Team working in higher education during the pandemic
Andy Jolly, Laura Caulfield, Rachel Massie, Bozena Sojka, Steve Iafrati, & James Rees
Collaborative and cooperative research across academic disciplines and university administrative boundaries can be challenging even in less uncertain times. In an attempt to understand and propose solutions, researchers at ICRD have developed a paper, published online today, to test an innovative combination of methods to generate and evaluate ideas and strategies; and to write about the findings using collaborative online methods. Researchers came together in sessions designed as a hybrid of World Café and Delphi techniques. The findings were written up drawing on insights from the use of massively authored papers (also known as ‘massively open online papers’, MOOPs), and online tools to enable remote collaboration. The paper presents details of the process, the findings, and reflections on this collaborative and cooperative exercise.
As this process was being completed, higher education institutions in the UK and around the world began responding to the Covid-19 pandemic by beginning a process of moving to remote and online working and so the authors completed this paper through entirely online means. In light of the current pandemic and the increased need to work remotely, we hope that the paper offers academics useful strategies for meaningful and productive online collaboration, prioritisation and consensus building. The method has a range of applications both within and beyond academia, such as writing papers, developing team strategies and writing funding applications. However, we recognise that for many, the move to home working presents additional difficulties, particularly for those with caring responsibilities or home situations which are not conducive to productivity. Our intent is not to pressurise or guilt readers into being more productive, but to offer our reflections on our experience of collaborating and writing remotely using everyday technology.
The core approach underpinning this project was a hybrid ‘Café Delphi’ technique. The project took place across three days, on the first, information was elicited using Mentimeter to facilitate the Café Delphi workshop. On the second, Google Docs was used to write the article collaboratively in real time, and on the final day, Microsoft Teams was used to simultaneously review and redraft the paper.
Participants had not used the method together before as a single group, but all those who took part were previously known to each other. The method was chosen in the hope that it would maximise the generation of ideas and dialogue that could be taken forward and then formally written-up via the ‘massively distributed authorship’ approach illustrated by this paper. During the three stage process, the shared intention was to learn and practice the approach in order to apply it in other similar projects, and potentially in other settings. The first step was to conduct an exercise that in effect was a hybrid combination of a ‘real-time’ Delphi panel process and a World Café, which lasted for approximately one hour in total, and was carried out in the room where the researchers were gathered (all researchers were physically present — but this could be adapted for use remotely using video chat software). In keeping with the World Café approach the setting was informal, and food and drink was provided. In its most basic sense, the approach consisted of a group ‘brainstorming’ discussion in order to surface ideas, the outcomes of which were shared on a large wall mounted video screen using Mentimeter; followed by a second stage in which the first round ideas were ranked in perceived order of importance. Mentimeter allows users to ‘vote’ on the options in order to establish the final ranking. Overall, the schedule employed was as follows:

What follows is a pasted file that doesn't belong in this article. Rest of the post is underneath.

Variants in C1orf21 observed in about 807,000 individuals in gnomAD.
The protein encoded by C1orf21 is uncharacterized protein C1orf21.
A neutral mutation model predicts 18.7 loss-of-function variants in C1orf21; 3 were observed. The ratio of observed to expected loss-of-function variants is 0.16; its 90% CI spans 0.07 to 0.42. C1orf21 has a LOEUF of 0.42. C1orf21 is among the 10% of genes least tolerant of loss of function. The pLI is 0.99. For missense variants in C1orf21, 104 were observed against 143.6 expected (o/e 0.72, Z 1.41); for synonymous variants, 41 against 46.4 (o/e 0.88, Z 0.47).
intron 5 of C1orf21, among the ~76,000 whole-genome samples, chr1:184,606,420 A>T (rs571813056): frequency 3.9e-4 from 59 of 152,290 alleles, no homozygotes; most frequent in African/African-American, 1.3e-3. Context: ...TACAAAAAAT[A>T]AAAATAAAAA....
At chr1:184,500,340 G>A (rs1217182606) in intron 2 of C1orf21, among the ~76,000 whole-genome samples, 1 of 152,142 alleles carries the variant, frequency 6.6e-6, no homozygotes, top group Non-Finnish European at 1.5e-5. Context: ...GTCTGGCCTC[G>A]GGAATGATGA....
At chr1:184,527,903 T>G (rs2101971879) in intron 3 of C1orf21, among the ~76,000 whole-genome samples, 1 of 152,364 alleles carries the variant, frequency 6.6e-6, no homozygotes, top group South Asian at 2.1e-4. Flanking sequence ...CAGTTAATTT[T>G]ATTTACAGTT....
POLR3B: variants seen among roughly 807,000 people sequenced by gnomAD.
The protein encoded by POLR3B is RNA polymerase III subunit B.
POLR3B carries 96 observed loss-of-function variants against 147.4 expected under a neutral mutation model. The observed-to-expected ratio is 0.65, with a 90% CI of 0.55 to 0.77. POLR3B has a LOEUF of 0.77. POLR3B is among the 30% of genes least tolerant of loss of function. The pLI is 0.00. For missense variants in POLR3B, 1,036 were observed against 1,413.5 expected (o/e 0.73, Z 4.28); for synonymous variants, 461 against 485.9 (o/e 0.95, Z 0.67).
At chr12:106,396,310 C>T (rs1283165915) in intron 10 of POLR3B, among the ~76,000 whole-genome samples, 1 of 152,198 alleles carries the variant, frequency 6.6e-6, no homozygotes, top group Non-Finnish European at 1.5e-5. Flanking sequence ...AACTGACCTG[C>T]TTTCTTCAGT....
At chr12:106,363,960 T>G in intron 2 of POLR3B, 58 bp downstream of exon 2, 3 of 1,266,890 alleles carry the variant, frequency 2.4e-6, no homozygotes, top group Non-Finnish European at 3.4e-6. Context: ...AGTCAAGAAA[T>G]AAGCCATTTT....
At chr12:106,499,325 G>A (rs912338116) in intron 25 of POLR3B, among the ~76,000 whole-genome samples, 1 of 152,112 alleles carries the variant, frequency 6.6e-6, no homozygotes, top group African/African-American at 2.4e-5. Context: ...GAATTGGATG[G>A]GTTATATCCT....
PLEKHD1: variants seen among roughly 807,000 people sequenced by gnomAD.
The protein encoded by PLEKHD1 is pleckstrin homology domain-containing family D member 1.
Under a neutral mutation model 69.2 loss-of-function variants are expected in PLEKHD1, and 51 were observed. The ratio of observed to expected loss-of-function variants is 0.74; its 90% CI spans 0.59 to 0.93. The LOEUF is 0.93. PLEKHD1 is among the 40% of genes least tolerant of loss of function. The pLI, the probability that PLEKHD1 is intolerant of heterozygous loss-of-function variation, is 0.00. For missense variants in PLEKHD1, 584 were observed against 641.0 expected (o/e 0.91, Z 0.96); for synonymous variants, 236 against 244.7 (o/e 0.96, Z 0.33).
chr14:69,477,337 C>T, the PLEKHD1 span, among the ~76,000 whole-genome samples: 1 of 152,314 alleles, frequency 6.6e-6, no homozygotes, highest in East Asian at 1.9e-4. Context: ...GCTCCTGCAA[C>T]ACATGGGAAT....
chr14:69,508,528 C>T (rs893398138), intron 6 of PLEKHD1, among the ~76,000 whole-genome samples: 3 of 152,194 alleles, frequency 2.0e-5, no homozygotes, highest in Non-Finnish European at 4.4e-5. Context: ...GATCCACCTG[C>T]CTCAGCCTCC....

- Discussion and idea generation on: ‘what are the biggest challenges for you in building cross-faculty research culture?’ (15 minutes)
- Rapid (and anonymous) write up on Mentimeter (5 minutes)
- Ranking of the most important challenges (2 minutes)
- Discussion on: ‘what are the potential solutions?’
- Rapid write up on Mentimeter
- Ranking of the most important solutions
The group-sourced answers to each question were displayed on the screen so that the group could see the emerging ideas, but these were anonymised and unattributable to individuals (unless they chose to highlight that they have supplied a particular answer, which in this case no-one did). At this point there was no ranking or any other method of highlighting or distinguishing the ‘quality’ or popularity of the ideas — they are treated as equal at this stage. The next step of the exercise however is to rank the ideas, an implicit recognition or judgement of the relative merit of each idea.
These ‘findings’ were then taken forward into the writing process carried out through massively distributed authorship using Google Docs. In the transition from the ‘Café Delphi’ phase, decisions were made as to which answers to prioritise and discuss in more detail. The quantitative ranking suggest that the top four challenges were worth further exploration; and the top five ranked solutions came out well above the following options (see Figure 2 and 3). In the findings we focus on these top four challenges and top five solutions.